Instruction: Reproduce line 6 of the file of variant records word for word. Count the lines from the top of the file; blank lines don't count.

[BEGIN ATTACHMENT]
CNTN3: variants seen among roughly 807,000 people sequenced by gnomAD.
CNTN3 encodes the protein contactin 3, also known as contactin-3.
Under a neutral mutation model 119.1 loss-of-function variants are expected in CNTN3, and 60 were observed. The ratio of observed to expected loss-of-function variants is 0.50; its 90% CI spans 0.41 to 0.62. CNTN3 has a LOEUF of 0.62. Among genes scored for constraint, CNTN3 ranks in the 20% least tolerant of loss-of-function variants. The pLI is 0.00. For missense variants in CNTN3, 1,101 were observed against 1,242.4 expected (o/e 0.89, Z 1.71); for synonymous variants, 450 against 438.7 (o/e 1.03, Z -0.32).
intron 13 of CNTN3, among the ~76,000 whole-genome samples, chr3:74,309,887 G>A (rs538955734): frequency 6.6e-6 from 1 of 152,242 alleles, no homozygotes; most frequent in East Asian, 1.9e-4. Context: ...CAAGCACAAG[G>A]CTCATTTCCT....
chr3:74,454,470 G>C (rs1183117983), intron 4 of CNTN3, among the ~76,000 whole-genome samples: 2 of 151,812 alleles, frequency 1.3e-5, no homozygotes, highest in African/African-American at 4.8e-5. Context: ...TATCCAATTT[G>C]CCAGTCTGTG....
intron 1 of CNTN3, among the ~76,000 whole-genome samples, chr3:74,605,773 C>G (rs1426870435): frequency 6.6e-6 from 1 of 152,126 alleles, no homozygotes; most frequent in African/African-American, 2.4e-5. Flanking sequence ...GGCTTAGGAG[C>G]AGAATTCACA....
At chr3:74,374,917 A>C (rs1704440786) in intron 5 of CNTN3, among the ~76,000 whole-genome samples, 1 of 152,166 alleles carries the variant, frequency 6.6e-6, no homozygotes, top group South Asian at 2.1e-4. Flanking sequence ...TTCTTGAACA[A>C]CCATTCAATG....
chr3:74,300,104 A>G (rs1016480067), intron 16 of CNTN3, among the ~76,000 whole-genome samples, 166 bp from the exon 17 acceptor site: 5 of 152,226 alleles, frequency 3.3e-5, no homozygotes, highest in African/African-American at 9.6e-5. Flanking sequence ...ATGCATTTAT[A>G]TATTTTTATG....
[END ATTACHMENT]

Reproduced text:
intron 1 of CNTN3, among the ~76,000 whole-genome samples, chr3:74,605,773 C>G (rs1426870435): frequency 6.6e-6 from 1 of 152,126 alleles, no homozygotes; most frequent in African/African-American, 2.4e-5. Flanking sequence ...GGCTTAGGAG[C>G]AGAATTCACA....